And would it have been worth it, after all,
Would it have been worth while,
After the sunsets and the dooryards and the sprinkled streets, After the novels, after the teacups, after the skirts that trail along the
And this, and so much more?--
It is impossible to say just what I mean I
But as if a magic lantern threw the nerves in patterns on a screen: Would it have been worth while
If one, settling a pillow or throwing off a shawl,
And turning toward the window, should say:
"That is not it at all,
That is not what I meant, at all."
No I am not Prince Hamlet, nor was meant to be;
Am an attendant lord, one that will do
To swell a progress, start a scene or two,
Advise the prince; no doubt, an easy tool,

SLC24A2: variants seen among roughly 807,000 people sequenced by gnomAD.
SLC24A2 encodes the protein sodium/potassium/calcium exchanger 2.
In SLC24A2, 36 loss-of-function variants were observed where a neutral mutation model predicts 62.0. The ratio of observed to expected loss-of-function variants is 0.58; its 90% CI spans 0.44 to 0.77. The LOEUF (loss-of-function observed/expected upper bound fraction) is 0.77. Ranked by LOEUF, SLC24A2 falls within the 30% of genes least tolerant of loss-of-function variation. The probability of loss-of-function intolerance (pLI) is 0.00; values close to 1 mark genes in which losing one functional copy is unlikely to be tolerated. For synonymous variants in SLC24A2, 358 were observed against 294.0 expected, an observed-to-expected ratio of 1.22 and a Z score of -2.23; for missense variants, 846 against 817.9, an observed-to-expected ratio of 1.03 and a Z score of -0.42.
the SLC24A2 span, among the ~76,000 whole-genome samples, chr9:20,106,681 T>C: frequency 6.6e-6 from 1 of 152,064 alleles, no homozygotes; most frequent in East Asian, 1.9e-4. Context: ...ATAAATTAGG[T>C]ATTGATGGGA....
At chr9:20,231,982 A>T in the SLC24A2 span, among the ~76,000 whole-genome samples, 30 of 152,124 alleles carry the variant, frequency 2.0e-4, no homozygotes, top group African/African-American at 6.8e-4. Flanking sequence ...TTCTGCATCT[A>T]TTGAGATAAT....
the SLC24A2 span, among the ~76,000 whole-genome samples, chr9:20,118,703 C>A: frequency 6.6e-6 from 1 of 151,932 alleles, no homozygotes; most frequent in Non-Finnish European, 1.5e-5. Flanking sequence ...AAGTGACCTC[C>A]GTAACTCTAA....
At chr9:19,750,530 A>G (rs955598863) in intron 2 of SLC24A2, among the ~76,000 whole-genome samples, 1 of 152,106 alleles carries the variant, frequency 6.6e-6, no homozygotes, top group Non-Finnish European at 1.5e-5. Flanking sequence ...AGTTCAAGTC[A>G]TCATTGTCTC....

Deferential, glad to be of use,
Politic, cautious, and meticulous;
Full of high sentence, but a bit obtuse;
At times, indeed, almost ridiculous--
Almost, at times, the Fool.
I grow old ... I grow old .
A very short book of twelve poems, including The Love Song of J. Alfred Prufrock, which alone is worth downloading the book. The other poems are less impressive, and a couple are the sort of rhyming doggerel that would show up later in Old Possum's Book of Practical Cats (and become a Broadway musical.) But even in his minor poems Eliot managed to slap words around in striking ways.
It's hard to do anything but admire the writing.